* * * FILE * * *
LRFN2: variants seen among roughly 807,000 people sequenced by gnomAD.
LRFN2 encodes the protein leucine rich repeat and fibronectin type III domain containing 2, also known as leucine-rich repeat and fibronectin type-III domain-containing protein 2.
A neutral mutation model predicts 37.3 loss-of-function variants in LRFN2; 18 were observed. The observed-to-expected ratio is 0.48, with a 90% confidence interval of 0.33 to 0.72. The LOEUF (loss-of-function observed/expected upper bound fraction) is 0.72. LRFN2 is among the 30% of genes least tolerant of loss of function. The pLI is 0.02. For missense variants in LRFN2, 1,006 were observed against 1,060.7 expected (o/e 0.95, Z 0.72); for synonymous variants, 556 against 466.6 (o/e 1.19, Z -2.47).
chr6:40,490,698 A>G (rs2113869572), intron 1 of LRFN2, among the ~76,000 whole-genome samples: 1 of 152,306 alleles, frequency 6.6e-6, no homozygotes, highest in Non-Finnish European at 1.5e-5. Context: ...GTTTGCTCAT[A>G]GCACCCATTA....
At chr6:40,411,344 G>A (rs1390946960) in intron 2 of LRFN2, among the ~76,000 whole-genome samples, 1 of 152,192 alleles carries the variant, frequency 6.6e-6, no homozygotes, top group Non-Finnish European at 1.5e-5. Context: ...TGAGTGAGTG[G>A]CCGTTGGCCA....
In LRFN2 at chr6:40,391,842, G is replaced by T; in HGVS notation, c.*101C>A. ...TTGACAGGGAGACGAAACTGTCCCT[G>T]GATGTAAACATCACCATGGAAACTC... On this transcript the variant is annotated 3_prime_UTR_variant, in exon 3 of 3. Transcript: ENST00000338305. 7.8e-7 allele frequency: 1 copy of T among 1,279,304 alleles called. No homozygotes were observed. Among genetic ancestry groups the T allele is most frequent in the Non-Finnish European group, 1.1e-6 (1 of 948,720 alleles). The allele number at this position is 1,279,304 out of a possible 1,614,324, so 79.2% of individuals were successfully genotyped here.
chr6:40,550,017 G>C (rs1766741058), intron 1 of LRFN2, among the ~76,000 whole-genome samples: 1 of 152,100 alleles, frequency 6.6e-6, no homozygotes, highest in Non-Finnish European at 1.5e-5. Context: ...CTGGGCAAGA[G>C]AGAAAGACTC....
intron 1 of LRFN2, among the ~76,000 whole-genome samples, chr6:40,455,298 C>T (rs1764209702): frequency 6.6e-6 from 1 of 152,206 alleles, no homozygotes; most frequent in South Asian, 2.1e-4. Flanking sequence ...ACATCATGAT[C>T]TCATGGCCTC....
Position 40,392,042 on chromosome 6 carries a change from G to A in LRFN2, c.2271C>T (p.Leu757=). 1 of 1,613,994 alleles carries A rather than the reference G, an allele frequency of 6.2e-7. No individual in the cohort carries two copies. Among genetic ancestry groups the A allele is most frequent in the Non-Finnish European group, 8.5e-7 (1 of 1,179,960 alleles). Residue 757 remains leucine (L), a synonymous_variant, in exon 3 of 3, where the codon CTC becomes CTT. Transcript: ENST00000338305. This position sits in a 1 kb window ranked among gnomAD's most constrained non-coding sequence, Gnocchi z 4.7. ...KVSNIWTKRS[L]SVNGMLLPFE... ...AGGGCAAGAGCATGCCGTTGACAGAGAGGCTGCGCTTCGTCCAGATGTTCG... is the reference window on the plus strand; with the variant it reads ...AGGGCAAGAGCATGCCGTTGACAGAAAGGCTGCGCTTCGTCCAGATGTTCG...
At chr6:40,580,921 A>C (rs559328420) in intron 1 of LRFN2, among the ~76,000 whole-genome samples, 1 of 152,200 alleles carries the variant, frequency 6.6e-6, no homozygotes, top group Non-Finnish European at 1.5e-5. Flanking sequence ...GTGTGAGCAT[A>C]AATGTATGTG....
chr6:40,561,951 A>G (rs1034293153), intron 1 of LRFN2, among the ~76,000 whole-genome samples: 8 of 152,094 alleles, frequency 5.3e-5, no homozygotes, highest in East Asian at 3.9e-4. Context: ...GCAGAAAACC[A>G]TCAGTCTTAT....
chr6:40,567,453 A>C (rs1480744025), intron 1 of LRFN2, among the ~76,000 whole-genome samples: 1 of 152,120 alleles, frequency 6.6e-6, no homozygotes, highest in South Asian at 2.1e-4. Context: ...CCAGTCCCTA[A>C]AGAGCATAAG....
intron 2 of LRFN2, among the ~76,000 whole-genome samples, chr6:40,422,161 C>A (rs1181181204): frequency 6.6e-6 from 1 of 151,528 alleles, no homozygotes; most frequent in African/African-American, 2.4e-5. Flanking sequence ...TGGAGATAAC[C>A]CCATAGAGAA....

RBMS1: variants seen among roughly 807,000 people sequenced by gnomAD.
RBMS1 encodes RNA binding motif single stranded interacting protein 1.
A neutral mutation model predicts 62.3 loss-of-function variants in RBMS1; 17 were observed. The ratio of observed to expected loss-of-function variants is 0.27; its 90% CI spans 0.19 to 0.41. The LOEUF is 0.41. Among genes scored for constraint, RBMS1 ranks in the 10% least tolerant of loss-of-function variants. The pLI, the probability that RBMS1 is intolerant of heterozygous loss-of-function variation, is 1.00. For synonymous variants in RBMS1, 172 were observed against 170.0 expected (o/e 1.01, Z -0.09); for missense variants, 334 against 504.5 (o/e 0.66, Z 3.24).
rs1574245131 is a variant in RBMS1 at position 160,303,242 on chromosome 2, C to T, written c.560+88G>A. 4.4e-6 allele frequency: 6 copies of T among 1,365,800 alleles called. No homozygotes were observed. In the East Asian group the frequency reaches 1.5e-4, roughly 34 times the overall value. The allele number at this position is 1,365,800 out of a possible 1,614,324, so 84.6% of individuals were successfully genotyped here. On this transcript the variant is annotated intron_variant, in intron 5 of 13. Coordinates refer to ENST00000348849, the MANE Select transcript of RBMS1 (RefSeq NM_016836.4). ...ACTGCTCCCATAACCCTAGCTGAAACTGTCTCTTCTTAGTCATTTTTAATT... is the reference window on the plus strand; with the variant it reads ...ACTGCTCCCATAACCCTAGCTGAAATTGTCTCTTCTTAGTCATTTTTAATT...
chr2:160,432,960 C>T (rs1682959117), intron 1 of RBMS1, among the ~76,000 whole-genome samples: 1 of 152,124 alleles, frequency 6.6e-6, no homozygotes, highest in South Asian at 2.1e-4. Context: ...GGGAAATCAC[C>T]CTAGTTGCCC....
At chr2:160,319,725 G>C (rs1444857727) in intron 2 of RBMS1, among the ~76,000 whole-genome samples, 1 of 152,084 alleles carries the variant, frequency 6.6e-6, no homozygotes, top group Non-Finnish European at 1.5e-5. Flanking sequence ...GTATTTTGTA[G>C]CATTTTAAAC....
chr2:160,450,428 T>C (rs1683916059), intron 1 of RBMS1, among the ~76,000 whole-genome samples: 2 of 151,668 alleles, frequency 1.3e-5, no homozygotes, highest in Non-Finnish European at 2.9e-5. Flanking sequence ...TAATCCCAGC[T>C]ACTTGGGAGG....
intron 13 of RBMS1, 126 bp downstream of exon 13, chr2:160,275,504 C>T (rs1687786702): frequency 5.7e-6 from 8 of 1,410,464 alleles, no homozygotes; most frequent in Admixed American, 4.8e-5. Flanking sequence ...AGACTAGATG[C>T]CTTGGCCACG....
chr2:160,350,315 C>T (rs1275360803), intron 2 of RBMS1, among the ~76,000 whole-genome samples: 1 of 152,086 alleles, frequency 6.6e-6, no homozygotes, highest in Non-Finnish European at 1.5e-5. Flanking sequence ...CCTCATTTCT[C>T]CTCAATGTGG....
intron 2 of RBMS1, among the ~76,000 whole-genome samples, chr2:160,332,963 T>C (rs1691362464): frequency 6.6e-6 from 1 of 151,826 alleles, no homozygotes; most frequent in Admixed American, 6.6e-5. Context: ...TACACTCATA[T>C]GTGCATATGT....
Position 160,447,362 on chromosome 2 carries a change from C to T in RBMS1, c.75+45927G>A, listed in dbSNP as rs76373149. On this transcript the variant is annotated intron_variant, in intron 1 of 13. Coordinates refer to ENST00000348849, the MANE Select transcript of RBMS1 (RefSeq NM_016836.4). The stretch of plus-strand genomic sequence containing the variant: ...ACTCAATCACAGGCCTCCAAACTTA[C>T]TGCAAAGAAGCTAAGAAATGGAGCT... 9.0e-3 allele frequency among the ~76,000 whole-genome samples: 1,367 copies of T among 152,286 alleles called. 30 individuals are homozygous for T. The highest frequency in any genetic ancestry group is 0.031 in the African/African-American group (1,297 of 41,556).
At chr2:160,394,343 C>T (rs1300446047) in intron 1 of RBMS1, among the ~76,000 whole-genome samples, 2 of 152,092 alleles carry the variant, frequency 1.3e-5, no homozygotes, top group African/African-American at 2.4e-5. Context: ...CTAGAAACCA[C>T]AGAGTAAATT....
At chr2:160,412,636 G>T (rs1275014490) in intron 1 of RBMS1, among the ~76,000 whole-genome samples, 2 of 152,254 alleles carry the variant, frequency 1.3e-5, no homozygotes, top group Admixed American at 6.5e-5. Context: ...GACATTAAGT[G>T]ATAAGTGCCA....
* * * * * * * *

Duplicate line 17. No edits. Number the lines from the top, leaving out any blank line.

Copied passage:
rs1574245131 is a variant in RBMS1 at position 160,303,242 on chromosome 2, C to T, written c.560+88G>A. 4.4e-6 allele frequency: 6 copies of T among 1,365,800 alleles called. No homozygotes were observed. In the East Asian group the frequency reaches 1.5e-4, roughly 34 times the overall value. The allele number at this position is 1,365,800 out of a possible 1,614,324, so 84.6% of individuals were successfully genotyped here. On this transcript the variant is annotated intron_variant, in intron 5 of 13. Coordinates refer to ENST00000348849, the MANE Select transcript of RBMS1 (RefSeq NM_016836.4). ...ACTGCTCCCATAACCCTAGCTGAAACTGTCTCTTCTTAGTCATTTTTAATT... is the reference window on the plus strand; with the variant it reads ...ACTGCTCCCATAACCCTAGCTGAAATTGTCTCTTCTTAGTCATTTTTAATT...